And now that Sunset was gone, it was as though people were forgetting that magic had ever existed. And if that wasn’t enough, she remembered what Twilight had told them the last time she had seen them, after they had explained why she would never hear from Sunset again.

“I’m never opening the portal again,” was Twilight’s response. “I thought humanity was like us. I was wrong.” Still, she insisted that Fluttershy keep the book. “Prove to me that I wasn’t, Fluttershy.”

That had been the week before graduation. Fluttershy herself had tried the portal, but it was gone now and nothing was left but marble. Even Sunset’s old journal seemed to turn into nothing but a regular journal after that day.

And Fluttershy was here, for some inexplicable reason, holding the book to her as if it was a talisman. I’m so sorry, Sunset, she thought, squeezing the book closer and tears forming in her closed eyes. You didn’t deserve what we did to you and I can never apologize enough.

“You’ve apologized too much as is.”

Fluttershy’s eyes immediately opened. She tried to wake up Flash, but he wouldn’t stir.

“Wow, never thought you two would get together. I knew Rarity had her eye on him, but…well, I’m happy for you two.”

Fluttershy turned her head in the direction of the voice, and in the darkness of her apartment a glowing being sat in a chair by her table.

“Sunset?” the woman voiced as she got out of bed.

The glowing girl frowned. “Do you mind getting dressed? Granted, I know what girl parts look like, but I’d rather…well, you get the idea,” Sunset said with a smile. “Although you do look good for your age. Frankly, you look like you have the kind of physique I’d expect on Rainbow.” Sunset snapped her fingers and a t-shirt and sweatpants appeared on Fluttershy. Sunset read the t-shirt and smiled. “Army? That’s surprising.”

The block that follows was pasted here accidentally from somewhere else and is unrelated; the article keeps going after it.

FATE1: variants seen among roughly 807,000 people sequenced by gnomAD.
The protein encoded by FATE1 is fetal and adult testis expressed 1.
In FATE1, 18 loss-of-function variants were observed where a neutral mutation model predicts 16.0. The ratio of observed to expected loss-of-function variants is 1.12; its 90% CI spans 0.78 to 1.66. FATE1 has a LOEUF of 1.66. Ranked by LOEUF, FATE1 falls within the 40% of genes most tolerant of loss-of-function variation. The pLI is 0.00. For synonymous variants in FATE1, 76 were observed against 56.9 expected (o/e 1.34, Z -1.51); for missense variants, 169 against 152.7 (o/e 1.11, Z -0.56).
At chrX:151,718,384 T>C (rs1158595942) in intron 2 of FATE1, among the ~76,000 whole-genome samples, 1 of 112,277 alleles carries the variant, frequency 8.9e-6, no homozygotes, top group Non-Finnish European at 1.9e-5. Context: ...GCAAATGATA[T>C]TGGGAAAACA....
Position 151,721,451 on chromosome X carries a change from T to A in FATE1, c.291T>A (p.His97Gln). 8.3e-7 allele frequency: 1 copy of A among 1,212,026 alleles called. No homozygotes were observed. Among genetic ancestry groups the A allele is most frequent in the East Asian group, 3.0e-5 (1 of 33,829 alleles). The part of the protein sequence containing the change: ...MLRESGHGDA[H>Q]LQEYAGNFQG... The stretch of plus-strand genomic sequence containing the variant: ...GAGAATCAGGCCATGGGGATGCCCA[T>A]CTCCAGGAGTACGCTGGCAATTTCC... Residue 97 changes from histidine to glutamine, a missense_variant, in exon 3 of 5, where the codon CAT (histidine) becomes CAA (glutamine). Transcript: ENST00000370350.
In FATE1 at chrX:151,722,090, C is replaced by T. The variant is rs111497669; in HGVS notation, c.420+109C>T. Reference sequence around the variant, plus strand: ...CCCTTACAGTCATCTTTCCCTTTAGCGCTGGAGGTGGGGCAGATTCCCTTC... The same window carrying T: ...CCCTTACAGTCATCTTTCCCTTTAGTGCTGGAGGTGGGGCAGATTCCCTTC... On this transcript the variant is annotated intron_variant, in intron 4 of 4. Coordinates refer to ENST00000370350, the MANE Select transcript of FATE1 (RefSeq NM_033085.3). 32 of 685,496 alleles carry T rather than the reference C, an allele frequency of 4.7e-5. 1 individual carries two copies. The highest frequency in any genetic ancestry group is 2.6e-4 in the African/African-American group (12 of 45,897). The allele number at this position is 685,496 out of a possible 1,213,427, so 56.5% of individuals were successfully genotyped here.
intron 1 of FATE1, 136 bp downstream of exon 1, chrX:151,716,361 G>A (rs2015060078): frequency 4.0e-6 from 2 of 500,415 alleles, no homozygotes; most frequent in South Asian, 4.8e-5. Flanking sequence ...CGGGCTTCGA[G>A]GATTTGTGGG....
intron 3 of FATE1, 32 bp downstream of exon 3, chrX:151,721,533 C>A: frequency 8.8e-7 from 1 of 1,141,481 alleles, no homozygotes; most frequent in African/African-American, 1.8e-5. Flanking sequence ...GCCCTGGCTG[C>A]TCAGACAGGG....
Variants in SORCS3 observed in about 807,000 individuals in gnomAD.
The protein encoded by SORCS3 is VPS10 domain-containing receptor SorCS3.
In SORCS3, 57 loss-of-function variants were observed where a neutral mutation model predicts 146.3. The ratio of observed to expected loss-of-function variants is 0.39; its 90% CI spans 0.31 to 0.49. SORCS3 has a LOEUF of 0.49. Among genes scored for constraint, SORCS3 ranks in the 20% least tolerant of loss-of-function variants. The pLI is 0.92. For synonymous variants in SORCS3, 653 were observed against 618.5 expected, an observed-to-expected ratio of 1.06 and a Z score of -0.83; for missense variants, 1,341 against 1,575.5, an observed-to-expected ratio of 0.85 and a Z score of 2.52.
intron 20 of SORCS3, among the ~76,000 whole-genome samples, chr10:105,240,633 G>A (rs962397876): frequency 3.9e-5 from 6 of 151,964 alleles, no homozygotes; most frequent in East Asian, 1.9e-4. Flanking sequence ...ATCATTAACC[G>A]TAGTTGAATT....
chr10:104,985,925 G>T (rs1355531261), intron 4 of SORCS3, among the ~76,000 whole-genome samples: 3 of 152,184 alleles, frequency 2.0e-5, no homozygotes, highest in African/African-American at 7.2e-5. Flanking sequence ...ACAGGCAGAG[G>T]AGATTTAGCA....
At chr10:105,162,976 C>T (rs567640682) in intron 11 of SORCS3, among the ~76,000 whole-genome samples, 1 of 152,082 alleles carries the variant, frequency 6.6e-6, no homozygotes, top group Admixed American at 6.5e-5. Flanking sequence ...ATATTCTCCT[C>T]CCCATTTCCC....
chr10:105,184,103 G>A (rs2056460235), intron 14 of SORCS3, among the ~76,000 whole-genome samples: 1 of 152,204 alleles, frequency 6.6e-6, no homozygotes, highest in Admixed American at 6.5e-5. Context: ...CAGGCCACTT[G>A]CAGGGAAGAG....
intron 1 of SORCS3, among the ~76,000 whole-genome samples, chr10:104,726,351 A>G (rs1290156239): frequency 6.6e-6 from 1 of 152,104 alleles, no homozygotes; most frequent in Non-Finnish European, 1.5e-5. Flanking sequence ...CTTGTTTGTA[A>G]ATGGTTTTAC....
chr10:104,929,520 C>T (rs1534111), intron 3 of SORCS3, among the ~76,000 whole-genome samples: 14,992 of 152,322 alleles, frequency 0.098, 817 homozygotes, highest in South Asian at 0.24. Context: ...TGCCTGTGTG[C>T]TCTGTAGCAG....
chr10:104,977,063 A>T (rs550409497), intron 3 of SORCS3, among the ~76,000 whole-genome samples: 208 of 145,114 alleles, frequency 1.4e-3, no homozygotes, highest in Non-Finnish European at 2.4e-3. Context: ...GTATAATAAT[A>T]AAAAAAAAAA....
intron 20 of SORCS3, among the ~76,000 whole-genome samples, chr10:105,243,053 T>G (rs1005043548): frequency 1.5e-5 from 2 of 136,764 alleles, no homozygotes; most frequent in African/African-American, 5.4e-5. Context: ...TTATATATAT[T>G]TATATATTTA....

Fluttershy went over and hugged her old friend, tears streaming down her cheeks. “I’m sorry, I’m sorry, I’m sorry, I’m sorry,” she sobbed, holding her friend for all she was worth. “I was cruel and unfair to you!”

“It’s okay,” Sunset said. “I got over it.” That was not enough for Fluttershy, who continued to hold her friend for the longest time, crying hysterically and refusing to let go. Finally, Sunset replied, “I’m not going anywhere, Flutters. Not after I did all this to come talk to you.”

At last, the woman released her embrace and looked at her youthful friend. Despite the golden aura, Sunset was still a teenager. “Why….?” the woman asked.

“I’m not ready to discuss that just yet,” Sunset told her. “However, I’m here because of you, Flutters.”

“Why me? And why are you still a teenager?” The answer came to her instantly. “Oh. This is a dream, isn’t it? This…this is a dream, and being here with your ex-boyfriend, my husband, is making me remember all the things I’d put aside.”

“If that’s what you want to think, that’s your call, Flutters,” Sunset told her. “But that’s not the point. The point is, well, to quote that old movie, ‘We need to get the band back together.’ We need to save the world, one last time.”

“I’m not sure we can,” Fluttershy admitted. “I don’t ever say it aloud, but…the day before Decimation, we had eight billion people on Earth. Now, they believe that we have 800 million, and even that might be a stretch. Humanity was murdered, and compared to that, what can we do?”